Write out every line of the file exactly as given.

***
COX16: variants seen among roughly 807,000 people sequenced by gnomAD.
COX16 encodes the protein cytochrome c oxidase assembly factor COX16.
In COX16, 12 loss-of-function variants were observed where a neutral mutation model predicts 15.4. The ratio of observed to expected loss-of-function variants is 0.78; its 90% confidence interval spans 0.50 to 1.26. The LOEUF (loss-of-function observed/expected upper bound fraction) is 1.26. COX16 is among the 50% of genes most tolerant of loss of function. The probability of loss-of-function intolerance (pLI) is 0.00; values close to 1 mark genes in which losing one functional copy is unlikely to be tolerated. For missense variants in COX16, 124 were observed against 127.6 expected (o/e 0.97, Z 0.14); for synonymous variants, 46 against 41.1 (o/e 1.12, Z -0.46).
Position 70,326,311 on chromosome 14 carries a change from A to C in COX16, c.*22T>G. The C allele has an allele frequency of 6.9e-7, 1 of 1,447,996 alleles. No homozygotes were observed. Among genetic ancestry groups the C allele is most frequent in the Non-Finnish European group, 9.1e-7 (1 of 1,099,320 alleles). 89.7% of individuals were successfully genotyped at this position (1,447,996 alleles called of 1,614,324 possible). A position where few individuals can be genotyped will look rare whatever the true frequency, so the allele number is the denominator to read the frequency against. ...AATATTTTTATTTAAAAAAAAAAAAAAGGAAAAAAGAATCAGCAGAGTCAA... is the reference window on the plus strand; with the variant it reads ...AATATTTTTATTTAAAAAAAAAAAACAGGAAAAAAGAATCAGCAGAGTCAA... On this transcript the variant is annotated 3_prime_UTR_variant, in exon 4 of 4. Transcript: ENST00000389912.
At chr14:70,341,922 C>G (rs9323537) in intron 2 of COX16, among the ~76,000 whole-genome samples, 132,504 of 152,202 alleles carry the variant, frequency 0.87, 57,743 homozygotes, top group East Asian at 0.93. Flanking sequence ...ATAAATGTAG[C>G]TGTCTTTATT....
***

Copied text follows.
COX16: variants seen among roughly 807,000 people sequenced by gnomAD.
COX16 encodes the protein cytochrome c oxidase assembly factor COX16.
In COX16, 12 loss-of-function variants were observed where a neutral mutation model predicts 15.4. The ratio of observed to expected loss-of-function variants is 0.78; its 90% confidence interval spans 0.50 to 1.26. The LOEUF (loss-of-function observed/expected upper bound fraction) is 1.26. COX16 is among the 50% of genes most tolerant of loss of function. The probability of loss-of-function intolerance (pLI) is 0.00; values close to 1 mark genes in which losing one functional copy is unlikely to be tolerated. For missense variants in COX16, 124 were observed against 127.6 expected (o/e 0.97, Z 0.14); for synonymous variants, 46 against 41.1 (o/e 1.12, Z -0.46).
Position 70,326,311 on chromosome 14 carries a change from A to C in COX16, c.*22T>G. The C allele has an allele frequency of 6.9e-7, 1 of 1,447,996 alleles. No homozygotes were observed. Among genetic ancestry groups the C allele is most frequent in the Non-Finnish European group, 9.1e-7 (1 of 1,099,320 alleles). 89.7% of individuals were successfully genotyped at this position (1,447,996 alleles called of 1,614,324 possible). A position where few individuals can be genotyped will look rare whatever the true frequency, so the allele number is the denominator to read the frequency against. ...AATATTTTTATTTAAAAAAAAAAAAAAGGAAAAAAGAATCAGCAGAGTCAA... is the reference window on the plus strand; with the variant it reads ...AATATTTTTATTTAAAAAAAAAAAACAGGAAAAAAGAATCAGCAGAGTCAA... On this transcript the variant is annotated 3_prime_UTR_variant, in exon 4 of 4. Transcript: ENST00000389912.
At chr14:70,341,922 C>G (rs9323537) in intron 2 of COX16, among the ~76,000 whole-genome samples, 132,504 of 152,202 alleles carry the variant, frequency 0.87, 57,743 homozygotes, top group East Asian at 0.93. Flanking sequence ...ATAAATGTAG[C>G]TGTCTTTATT....